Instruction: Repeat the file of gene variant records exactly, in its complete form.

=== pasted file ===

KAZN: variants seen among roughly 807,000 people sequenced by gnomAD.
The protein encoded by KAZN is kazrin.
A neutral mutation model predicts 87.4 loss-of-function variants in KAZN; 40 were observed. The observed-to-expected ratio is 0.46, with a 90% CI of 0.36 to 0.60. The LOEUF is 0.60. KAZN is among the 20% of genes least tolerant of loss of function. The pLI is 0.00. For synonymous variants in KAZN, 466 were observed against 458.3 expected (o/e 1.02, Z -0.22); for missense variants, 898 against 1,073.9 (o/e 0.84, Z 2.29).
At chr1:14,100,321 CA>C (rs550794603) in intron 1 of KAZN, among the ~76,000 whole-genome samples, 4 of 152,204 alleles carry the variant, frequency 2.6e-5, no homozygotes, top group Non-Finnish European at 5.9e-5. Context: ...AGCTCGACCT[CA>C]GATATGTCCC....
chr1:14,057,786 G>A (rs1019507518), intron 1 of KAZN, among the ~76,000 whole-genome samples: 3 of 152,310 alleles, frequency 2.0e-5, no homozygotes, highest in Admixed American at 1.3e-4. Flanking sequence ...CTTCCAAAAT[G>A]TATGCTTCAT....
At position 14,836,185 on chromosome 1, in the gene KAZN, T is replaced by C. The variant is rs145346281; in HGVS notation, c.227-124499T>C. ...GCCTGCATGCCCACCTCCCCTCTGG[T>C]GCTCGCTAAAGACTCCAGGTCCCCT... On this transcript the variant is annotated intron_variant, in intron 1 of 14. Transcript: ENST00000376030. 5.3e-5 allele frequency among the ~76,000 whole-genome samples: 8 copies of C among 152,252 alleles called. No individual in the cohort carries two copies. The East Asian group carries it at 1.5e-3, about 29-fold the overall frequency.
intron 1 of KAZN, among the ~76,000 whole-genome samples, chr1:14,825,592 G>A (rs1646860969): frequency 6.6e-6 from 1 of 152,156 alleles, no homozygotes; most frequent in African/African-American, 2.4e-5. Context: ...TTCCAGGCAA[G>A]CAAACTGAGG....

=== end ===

KAZN: variants seen among roughly 807,000 people sequenced by gnomAD.
The protein encoded by KAZN is kazrin.
A neutral mutation model predicts 87.4 loss-of-function variants in KAZN; 40 were observed. The observed-to-expected ratio is 0.46, with a 90% CI of 0.36 to 0.60. The LOEUF is 0.60. KAZN is among the 20% of genes least tolerant of loss of function. The pLI is 0.00. For synonymous variants in KAZN, 466 were observed against 458.3 expected (o/e 1.02, Z -0.22); for missense variants, 898 against 1,073.9 (o/e 0.84, Z 2.29).
At chr1:14,100,321 CA>C (rs550794603) in intron 1 of KAZN, among the ~76,000 whole-genome samples, 4 of 152,204 alleles carry the variant, frequency 2.6e-5, no homozygotes, top group Non-Finnish European at 5.9e-5. Context: ...AGCTCGACCT[CA>C]GATATGTCCC....
chr1:14,057,786 G>A (rs1019507518), intron 1 of KAZN, among the ~76,000 whole-genome samples: 3 of 152,310 alleles, frequency 2.0e-5, no homozygotes, highest in Admixed American at 1.3e-4. Flanking sequence ...CTTCCAAAAT[G>A]TATGCTTCAT....
At position 14,836,185 on chromosome 1, in the gene KAZN, T is replaced by C. The variant is rs145346281; in HGVS notation, c.227-124499T>C. ...GCCTGCATGCCCACCTCCCCTCTGG[T>C]GCTCGCTAAAGACTCCAGGTCCCCT... On this transcript the variant is annotated intron_variant, in intron 1 of 14. Transcript: ENST00000376030. 5.3e-5 allele frequency among the ~76,000 whole-genome samples: 8 copies of C among 152,252 alleles called. No individual in the cohort carries two copies. The East Asian group carries it at 1.5e-3, about 29-fold the overall frequency.
intron 1 of KAZN, among the ~76,000 whole-genome samples, chr1:14,825,592 G>A (rs1646860969): frequency 6.6e-6 from 1 of 152,156 alleles, no homozygotes; most frequent in African/African-American, 2.4e-5. Context: ...TTCCAGGCAA[G>A]CAAACTGAGG....